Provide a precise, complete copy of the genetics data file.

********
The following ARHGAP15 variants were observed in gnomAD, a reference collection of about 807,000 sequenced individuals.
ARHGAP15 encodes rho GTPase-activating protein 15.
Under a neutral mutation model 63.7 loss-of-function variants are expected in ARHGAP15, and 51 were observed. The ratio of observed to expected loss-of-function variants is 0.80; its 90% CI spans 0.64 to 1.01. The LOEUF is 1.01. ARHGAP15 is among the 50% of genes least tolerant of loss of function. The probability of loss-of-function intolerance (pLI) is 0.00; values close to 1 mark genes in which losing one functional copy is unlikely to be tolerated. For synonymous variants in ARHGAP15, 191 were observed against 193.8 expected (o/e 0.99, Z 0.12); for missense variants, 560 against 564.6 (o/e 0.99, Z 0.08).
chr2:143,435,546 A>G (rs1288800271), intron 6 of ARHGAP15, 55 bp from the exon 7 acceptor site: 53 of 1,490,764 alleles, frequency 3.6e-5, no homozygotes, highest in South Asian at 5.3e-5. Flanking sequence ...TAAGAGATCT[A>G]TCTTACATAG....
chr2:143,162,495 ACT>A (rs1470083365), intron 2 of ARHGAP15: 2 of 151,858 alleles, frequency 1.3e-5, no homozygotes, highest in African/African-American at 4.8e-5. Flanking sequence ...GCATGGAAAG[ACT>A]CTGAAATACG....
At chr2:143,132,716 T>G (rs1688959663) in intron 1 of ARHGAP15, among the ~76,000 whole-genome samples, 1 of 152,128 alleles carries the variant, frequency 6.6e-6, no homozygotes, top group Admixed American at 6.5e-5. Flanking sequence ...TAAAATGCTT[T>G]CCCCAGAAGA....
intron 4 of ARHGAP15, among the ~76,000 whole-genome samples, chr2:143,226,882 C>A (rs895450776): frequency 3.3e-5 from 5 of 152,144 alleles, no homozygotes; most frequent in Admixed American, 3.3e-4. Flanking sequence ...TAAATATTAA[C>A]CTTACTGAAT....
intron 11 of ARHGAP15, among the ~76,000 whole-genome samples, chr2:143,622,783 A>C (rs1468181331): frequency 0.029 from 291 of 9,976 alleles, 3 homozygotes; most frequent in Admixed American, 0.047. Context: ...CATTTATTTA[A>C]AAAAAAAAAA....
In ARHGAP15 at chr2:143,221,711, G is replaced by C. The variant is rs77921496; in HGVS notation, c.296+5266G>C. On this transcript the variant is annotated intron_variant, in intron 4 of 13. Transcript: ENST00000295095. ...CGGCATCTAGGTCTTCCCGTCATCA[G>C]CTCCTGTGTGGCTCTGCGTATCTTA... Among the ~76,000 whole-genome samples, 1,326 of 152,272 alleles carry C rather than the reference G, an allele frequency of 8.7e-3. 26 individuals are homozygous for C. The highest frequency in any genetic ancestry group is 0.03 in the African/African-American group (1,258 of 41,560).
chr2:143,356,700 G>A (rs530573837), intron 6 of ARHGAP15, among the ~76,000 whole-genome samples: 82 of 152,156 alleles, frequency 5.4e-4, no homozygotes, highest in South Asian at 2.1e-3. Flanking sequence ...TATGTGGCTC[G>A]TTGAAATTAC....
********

The following ARHGAP15 variants were observed in gnomAD, a reference collection of about 807,000 sequenced individuals.
ARHGAP15 encodes rho GTPase-activating protein 15.
Under a neutral mutation model 63.7 loss-of-function variants are expected in ARHGAP15, and 51 were observed. The ratio of observed to expected loss-of-function variants is 0.80; its 90% CI spans 0.64 to 1.01. The LOEUF is 1.01. ARHGAP15 is among the 50% of genes least tolerant of loss of function. The probability of loss-of-function intolerance (pLI) is 0.00; values close to 1 mark genes in which losing one functional copy is unlikely to be tolerated. For synonymous variants in ARHGAP15, 191 were observed against 193.8 expected (o/e 0.99, Z 0.12); for missense variants, 560 against 564.6 (o/e 0.99, Z 0.08).
chr2:143,435,546 A>G (rs1288800271), intron 6 of ARHGAP15, 55 bp from the exon 7 acceptor site: 53 of 1,490,764 alleles, frequency 3.6e-5, no homozygotes, highest in South Asian at 5.3e-5. Flanking sequence ...TAAGAGATCT[A>G]TCTTACATAG....
chr2:143,162,495 ACT>A (rs1470083365), intron 2 of ARHGAP15: 2 of 151,858 alleles, frequency 1.3e-5, no homozygotes, highest in African/African-American at 4.8e-5. Flanking sequence ...GCATGGAAAG[ACT>A]CTGAAATACG....
At chr2:143,132,716 T>G (rs1688959663) in intron 1 of ARHGAP15, among the ~76,000 whole-genome samples, 1 of 152,128 alleles carries the variant, frequency 6.6e-6, no homozygotes, top group Admixed American at 6.5e-5. Flanking sequence ...TAAAATGCTT[T>G]CCCCAGAAGA....
intron 4 of ARHGAP15, among the ~76,000 whole-genome samples, chr2:143,226,882 C>A (rs895450776): frequency 3.3e-5 from 5 of 152,144 alleles, no homozygotes; most frequent in Admixed American, 3.3e-4. Flanking sequence ...TAAATATTAA[C>A]CTTACTGAAT....
intron 11 of ARHGAP15, among the ~76,000 whole-genome samples, chr2:143,622,783 A>C (rs1468181331): frequency 0.029 from 291 of 9,976 alleles, 3 homozygotes; most frequent in Admixed American, 0.047. Context: ...CATTTATTTA[A>C]AAAAAAAAAA....
In ARHGAP15 at chr2:143,221,711, G is replaced by C. The variant is rs77921496; in HGVS notation, c.296+5266G>C. On this transcript the variant is annotated intron_variant, in intron 4 of 13. Transcript: ENST00000295095. ...CGGCATCTAGGTCTTCCCGTCATCA[G>C]CTCCTGTGTGGCTCTGCGTATCTTA... Among the ~76,000 whole-genome samples, 1,326 of 152,272 alleles carry C rather than the reference G, an allele frequency of 8.7e-3. 26 individuals are homozygous for C. The highest frequency in any genetic ancestry group is 0.03 in the African/African-American group (1,258 of 41,560).
chr2:143,356,700 G>A (rs530573837), intron 6 of ARHGAP15, among the ~76,000 whole-genome samples: 82 of 152,156 alleles, frequency 5.4e-4, no homozygotes, highest in South Asian at 2.1e-3. Flanking sequence ...TATGTGGCTC[G>A]TTGAAATTAC....